We’ve been wandering around in a cathedral today – something I always like doing. Along the way I read up on glass restoration and the issues it raises. Often, to repair a thing is to change it, especially if you add or replace material. A thing that is repaired enough times may cease to be the original. (Something Pratchett frequently plays with in his fiction). So to what extent should we intervene, to preserve, replace, keep viable, to what extent should historical things be left to crumble? It’s an interesting issue for any pagan to consider because of ancient, historical sites. But I’m going to keep talking about glass.
I’ve been looking today at a big stained glass window in which a number of restoration theories have been tried. It’s a window full of figures. Some have lost their faces due to time. On a couple of people, these have been replaced with plain glass, making the missing bit obvious. The effect, from a distance, is weird. ‘Blobby head’ does not begin to do justice. Then we have the sketched-in faces to give an impression – these stand out as being separate from the original and also jar with it. For added comedy value, a restoration old enough that no one wants to mess with it, has put a beardy face over a woman’s body! Finally there’s a new face replacement that looks like a vibrant piece of stained glass, in keeping with the window as a whole. At a glance you wouldn’t spot that it’s a modern addition. However, the woman represented has been given a fringe / bangs and a jaw line, so that anyone looking closely can tell it isn’t part of the original window from the 1300s.
I’m very much in favour of preserving that which is beautiful or meaningful. I think it’s important to consider the sense of the whole though, alongside authenticity. I saw a wooden knight figure which had been damaged and reassembled, there was a bit of wood missing, but the absence didn’t undermine the sense of the whole. Not like the blank glass blobby faces in the window. “Authentic” may be an issue, but so is “usable” and I am entirely opposed to turning things into museum pieces when they could be kept as living, functional spaces, or items. The idea of museums is relatively recent, most of our ancestors either kept using, or discarded. With finite space, time, resources and money I think it’s fair to question why we keep anything. Not to say that we shouldn’t keep history, but that we ought to consider why we want to hold it ‘in tact’ why we are so alarmed by intrusions from our own time, why we want to pickle history and put it behind glass and only look at it.
The Victorians had an enthusiasm for ‘restoring’ that meant something a lot like ‘making over’ fitting the actual past into their ideas about what they wanted the past to have been. That’s always a risk, but now those Victorians are also part of history. What they did to historical things is part of the world we inherit. Is Victorian history less valuable than 1300s history for being that bit closer? Is it only the scarcity of material from a period that makes it valuable? What we value and preserve, and why, is an important question. How many hovels have you seen preserved as national history? Isn’t it odd how historic worth and money tend to go together?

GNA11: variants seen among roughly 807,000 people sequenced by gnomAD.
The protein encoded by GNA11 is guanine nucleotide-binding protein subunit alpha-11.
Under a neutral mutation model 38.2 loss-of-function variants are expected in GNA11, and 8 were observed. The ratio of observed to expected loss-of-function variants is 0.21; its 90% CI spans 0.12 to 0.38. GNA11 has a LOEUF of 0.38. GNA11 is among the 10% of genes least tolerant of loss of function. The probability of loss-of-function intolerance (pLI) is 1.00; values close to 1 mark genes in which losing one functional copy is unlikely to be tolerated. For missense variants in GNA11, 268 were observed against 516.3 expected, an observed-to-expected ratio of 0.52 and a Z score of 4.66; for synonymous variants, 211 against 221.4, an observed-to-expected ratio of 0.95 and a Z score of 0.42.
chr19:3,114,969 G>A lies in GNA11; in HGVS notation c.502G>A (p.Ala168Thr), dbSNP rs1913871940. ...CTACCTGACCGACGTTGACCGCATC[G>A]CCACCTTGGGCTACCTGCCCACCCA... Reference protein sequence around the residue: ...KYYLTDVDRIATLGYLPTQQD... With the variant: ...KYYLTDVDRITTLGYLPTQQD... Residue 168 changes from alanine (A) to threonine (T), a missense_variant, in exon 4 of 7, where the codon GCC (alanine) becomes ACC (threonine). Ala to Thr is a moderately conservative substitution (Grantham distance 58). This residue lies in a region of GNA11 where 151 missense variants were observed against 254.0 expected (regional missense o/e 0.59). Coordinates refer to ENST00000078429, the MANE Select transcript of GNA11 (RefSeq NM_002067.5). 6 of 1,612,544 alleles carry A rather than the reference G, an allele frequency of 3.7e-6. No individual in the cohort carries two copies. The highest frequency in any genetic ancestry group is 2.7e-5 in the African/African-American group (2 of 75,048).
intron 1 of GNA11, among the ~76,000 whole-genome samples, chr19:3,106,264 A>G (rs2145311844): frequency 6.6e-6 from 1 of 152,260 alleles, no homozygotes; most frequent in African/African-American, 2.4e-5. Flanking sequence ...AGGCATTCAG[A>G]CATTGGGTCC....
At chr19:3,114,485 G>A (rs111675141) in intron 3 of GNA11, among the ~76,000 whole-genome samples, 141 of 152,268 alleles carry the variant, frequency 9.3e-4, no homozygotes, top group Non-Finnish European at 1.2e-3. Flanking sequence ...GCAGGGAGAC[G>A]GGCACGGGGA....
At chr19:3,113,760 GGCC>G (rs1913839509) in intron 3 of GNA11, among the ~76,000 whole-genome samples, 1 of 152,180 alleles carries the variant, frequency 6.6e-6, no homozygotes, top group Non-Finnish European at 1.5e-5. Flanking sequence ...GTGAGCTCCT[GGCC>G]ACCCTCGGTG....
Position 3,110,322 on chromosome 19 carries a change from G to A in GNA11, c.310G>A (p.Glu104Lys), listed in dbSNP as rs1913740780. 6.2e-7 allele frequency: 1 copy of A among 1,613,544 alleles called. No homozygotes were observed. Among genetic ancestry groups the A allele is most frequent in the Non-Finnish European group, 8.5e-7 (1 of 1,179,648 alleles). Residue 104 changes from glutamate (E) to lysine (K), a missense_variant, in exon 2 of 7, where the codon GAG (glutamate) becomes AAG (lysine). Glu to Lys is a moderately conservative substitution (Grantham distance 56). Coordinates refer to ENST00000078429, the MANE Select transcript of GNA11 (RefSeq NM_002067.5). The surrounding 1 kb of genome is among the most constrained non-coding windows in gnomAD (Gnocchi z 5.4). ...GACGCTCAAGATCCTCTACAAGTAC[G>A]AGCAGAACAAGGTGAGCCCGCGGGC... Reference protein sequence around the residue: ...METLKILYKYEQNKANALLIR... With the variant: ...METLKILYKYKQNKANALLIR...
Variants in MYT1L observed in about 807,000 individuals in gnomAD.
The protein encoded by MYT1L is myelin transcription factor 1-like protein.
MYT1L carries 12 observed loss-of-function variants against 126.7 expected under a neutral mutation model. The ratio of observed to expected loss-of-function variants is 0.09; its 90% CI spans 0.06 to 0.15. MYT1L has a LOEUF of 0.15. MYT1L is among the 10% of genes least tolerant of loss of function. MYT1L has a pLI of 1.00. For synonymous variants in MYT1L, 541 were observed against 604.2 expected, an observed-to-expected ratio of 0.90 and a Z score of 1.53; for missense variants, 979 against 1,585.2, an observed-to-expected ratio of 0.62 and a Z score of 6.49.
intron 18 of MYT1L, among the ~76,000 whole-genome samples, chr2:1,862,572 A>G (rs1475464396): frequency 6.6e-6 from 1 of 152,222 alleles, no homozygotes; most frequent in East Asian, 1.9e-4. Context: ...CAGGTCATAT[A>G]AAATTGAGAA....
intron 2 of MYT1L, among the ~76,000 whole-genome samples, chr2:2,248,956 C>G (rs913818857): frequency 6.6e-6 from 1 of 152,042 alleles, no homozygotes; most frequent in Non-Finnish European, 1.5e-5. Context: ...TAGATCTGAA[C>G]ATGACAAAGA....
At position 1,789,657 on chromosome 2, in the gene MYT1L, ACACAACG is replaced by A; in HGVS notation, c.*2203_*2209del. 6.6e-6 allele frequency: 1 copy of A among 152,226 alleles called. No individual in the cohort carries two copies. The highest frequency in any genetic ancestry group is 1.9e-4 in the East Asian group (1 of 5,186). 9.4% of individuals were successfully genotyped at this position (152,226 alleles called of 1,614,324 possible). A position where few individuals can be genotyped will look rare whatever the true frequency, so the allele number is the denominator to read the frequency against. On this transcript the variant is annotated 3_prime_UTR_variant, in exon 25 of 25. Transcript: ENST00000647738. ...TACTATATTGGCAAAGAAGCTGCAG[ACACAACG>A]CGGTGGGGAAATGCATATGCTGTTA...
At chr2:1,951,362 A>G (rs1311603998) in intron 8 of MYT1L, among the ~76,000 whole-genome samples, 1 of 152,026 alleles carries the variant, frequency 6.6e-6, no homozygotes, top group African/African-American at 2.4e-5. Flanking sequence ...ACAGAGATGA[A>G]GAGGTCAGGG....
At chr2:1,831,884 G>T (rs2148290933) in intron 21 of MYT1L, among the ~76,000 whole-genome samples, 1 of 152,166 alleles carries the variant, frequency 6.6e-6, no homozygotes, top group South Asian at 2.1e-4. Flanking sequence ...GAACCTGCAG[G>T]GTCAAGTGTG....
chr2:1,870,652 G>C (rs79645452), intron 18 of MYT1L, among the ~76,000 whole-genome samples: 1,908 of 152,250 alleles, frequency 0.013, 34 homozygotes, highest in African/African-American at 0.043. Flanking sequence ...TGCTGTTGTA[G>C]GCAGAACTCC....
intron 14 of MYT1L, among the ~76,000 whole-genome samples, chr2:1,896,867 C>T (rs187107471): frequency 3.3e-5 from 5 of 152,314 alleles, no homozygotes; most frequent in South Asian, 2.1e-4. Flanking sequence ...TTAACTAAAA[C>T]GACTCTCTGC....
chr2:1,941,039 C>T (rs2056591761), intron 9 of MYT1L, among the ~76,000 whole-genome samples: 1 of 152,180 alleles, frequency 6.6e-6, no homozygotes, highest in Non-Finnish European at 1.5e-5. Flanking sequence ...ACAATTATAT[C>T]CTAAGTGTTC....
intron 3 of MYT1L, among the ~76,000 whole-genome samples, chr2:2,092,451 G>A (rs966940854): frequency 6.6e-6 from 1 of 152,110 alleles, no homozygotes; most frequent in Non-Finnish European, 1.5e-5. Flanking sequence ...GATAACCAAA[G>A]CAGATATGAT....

What do we want the past for? Do we need it to be somehow pristine, untouched by intervening years? That’s so unnatural. I’d rather have a breathing, living thing that is part of now, as well as part of the past. I love modern windows in ancient buildings – if you have to replace something, why make a replica when you can make new? And I love the modern, female figure with her jaw and fringe, who fits, but is not pretending to be of the time. Would I want someone to put Stonehenge back to its original form? Absolutely not. It is how it has become, and there’s no certainty we’d get a reconstruction right. I wouldn’t mind if the road could be taken away from it though. It’s funny, we go mad trying to preserve a specific thing, so often forgetting that it belonged to a context, which mattered. We preserve specific ancient sites, but not the landscapes in which they sit. In focusing on one tree, we forget the forest.
History is good, but making a thing work is more important. A stained glass window full of blank panes and blobby heads may avoid introducing modern matter, but it’s not impact free. It changes the context of all the remaining glass. I’d rather a well considered reworking that respects the integrity of the whole, rather than clinging to the past above all else. I’d rather something that works, and can be touched, than a broken relic doomed to remain forever in a display case.